As noted, this syllabus attempts to unite and strengthen childhood and critical adoption studies through a child-focused perspective. Each syllabus section is introduced with an excerpt from an adoptee-produced work of either prose or poetry, to ground the readings inside and within actual lived experiences. Reading lists also include work from transracial adoptee scholars. The use of adoptee words and research throughout this syllabus will bring their scholarship into focus, and de-exceptionalize adoptees’ status as a niche group of “others” who speak from the sidelines.
The first portion of the syllabus introduces students to queer theory and how I will use it as an analytical framework for transracial adoption. Students will explore how, in the mainstream attempt to normalize transracial adoptive families, these structures will remain and always have been queer. This section will also prepare students for later discussions on the Asian child’s body and how it remains outside of White acceptability, yet remains an object of “exotic” fascination and desire. A short unit on American family history and readings critiquing the “mythical” heteronormative, White nuclear family will help students understand how even the policies and transactionality of transracial adoption queer normative perceptions of family. In other words, transracial adoption is queer because of its use of a non-White child’s body to form a kinship structure that didn’t previously exist.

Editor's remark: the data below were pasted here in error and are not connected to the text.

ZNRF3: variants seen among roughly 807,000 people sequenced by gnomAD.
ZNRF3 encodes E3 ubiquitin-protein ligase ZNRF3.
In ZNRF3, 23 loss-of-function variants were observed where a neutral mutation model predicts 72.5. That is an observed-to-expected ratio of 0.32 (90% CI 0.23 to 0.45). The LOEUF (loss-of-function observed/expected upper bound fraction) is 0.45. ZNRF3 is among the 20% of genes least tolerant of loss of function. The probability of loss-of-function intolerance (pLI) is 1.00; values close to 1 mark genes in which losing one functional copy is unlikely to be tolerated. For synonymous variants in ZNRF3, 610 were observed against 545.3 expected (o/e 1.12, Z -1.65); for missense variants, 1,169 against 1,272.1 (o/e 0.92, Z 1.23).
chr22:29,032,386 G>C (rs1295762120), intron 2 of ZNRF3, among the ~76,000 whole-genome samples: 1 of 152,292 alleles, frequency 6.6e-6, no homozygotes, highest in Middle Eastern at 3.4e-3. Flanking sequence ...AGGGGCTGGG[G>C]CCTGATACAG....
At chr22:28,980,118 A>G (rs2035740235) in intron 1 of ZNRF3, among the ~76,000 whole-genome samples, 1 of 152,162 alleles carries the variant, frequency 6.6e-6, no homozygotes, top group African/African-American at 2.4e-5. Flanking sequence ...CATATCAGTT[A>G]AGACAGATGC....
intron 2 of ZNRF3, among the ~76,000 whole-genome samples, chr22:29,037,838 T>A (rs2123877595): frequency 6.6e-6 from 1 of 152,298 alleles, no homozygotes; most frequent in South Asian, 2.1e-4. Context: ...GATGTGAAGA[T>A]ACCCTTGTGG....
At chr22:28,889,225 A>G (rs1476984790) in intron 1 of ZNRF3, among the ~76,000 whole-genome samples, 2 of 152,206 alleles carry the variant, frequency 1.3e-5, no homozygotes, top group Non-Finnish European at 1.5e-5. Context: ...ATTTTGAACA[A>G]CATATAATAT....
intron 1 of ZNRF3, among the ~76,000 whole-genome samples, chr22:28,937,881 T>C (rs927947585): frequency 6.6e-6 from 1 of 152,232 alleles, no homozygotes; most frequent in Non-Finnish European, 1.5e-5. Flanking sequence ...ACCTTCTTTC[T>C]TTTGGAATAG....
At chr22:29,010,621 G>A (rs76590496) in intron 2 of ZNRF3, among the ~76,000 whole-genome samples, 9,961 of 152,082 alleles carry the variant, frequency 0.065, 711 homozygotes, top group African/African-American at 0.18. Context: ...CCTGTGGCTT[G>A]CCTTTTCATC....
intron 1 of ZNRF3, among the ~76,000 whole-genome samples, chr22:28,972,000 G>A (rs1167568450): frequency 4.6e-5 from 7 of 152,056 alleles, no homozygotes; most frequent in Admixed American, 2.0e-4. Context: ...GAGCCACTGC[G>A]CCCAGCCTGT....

The second syllabus section contains a brief introduction to childhood, with readings centering on contemporary children and childhood studies. However, this subsection is optional for Childhood Studies scholars. Its inclusion here is meant to assist non-academic audiences with understanding how childhood studies views children and why childhood, in this course, is based on the logic that childhood only belongs to certain races and certain classes. Doing so will hopefully expose how Asian children’s bodies are used and constructed for kinship making, while simultaneously raced and de-raced according to political and social histories. The next two subsections deal specifically with “Asian youth identity” and the conflicts encountered when such socially ascribed identities fail to account for outliers (such as adoptees) within marginalized racial groups. Of note is this section’s analysis of the terms “Asian American child” and “Asian adoptee,” as it asks students to differentiate between the two and how children are forced to navigate between two non-normative ascribed identities.